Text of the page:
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In February 2020, the Federal Reserve found that Americans have reached a record high for the amount of credit card debt owed. On top of that, charge-offs and past-due payments among 18-29 year-olds is rapidly rising.

To top it off, we’ve entered the worst economic recession in modern times. The pandemic shuttered many businesses, and two-thirds of Americans are working from home while many don’t have the option. Everyone is feeling the financial squeeze, especially Millennials who entered the workforce in the previous recession and have never fully recovered financially.

With more than 3 in 4 Americans having at least one financial regret, fiscal illiteracy is seemingly normal in the United States. Perhaps it’s a matter of mindset – which is built on whether you see your own character, intelligence, and abilities as fixed or capable of growth. However, it’s never too late to learn.

A fixed mindset is simply a stuck mindset. Your viewpoint on life will translate into how you navigate through it. Having a fixed mindset may limit your growth. For instance, someone with a fixed mindset may feel threatened by the success of others, or may even ignore constructive criticism. It’s also common for those with fixed mindsets to avoid challenges and failure, making them likelier to give up on tasks and situations with ease.

Why? Because those with fixed, or stuck, mindsets desire to look smart or skilled compared to others.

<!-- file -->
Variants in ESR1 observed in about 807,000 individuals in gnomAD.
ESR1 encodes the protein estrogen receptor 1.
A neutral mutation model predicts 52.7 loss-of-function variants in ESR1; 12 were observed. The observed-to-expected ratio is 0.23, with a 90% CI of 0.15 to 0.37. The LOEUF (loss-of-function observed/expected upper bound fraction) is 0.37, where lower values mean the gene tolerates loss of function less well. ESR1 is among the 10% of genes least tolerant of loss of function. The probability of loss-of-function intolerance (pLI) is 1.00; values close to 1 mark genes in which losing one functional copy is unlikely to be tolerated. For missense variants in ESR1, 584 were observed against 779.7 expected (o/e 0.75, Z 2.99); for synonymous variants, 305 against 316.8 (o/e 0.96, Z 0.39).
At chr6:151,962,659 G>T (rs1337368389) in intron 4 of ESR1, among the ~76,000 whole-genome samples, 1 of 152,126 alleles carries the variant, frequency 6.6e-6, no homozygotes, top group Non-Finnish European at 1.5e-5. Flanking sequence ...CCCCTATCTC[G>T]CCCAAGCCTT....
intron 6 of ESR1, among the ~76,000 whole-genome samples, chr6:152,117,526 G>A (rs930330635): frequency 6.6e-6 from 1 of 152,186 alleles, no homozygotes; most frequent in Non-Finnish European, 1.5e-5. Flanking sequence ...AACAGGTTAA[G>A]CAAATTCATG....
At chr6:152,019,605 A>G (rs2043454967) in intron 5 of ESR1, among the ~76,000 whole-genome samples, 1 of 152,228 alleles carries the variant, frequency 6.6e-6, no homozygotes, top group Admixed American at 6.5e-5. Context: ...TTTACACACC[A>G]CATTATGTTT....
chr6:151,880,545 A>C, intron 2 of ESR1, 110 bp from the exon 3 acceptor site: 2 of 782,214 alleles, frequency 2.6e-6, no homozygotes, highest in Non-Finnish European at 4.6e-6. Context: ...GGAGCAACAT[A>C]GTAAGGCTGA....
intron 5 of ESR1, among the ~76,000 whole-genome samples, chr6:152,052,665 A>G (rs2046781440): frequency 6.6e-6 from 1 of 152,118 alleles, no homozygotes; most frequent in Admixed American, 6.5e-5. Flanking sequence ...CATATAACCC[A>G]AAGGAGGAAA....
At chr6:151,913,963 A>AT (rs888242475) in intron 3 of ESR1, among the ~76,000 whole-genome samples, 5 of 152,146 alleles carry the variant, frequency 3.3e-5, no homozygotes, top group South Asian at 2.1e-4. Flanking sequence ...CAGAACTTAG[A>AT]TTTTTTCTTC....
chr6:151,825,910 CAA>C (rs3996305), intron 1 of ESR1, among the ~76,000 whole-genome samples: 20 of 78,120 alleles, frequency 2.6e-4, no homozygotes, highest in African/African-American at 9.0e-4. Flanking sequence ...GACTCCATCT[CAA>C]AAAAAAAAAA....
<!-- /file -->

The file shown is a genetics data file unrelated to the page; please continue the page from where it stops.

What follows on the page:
On the other hand, those with growth mindsets look toward the future. Optimistic individuals thrive on new learning experiences, making them eager to learn and find inspiration in others’ success. In other words, individuals with a motive to grow will accept and learn from constructive criticism, and embrace their challenges in life.

Why? Because those with growth mindsets see setbacks as opportunities. They have the desire to learn and improve themselves.

Even during an economic downturn, we can work to better ourselves so we come out the other side better and stronger. If you are out of work right now, there is no better time to start learning how to prepare yourself financially for the next economic downturn.

Knowing this, it’s important to grow your financial literacy. Simply talking about finances can help you learn. Currently, 53% of Americans feel anxious when thinking about money – and for younger adults aged 18-34, it’s 63%. On top of that, more than half of Americans regret not saving more, and of those, most regret underfunding their retirement accounts, emergency funds, and education for their children.

Still, less than 1 in 3 Americans are able to identify at least 3 basic financial concepts by the age of 40. Only 60% understand borrowing and only 35% understand risk, but 73% feel confident about their ability to achieve their financial goals. How are people doing so?

Technology lends a great deal of help. 39% use websites or apps to help with financial tasks. For example, apps like Cleo track your spending habits, quizzes, financial knowledge, and roasts users for overspending. Similarly, apps like Earnin drive users to celebrate their success by depositing into a virtual “tip jar” to save money.

However, there’s no trick like simply knowing your debt, weighing your options for repayment and consolidation, and taking action. If you’re unsure where to start, simply check your credit report to obtain a list of your current debts.

Following this, there are multiple routes you can take in tackling your owed payments. Regardless, just be sure to pay at least the minimum on all loans open.

In 2020, Americans owed $14.15 trillion in total household debt, $1.64 trillion in student loans, and $1 trillion in credit card debt. Although financial mistakes seem to come with the package of being an American, it’s never too late to change.

The recession will be over before you know it, and it’s up to you to choose whether you come out better on the other side. Find more information on growth mindsets for financial literacy below.

Published in ConsumersLife and News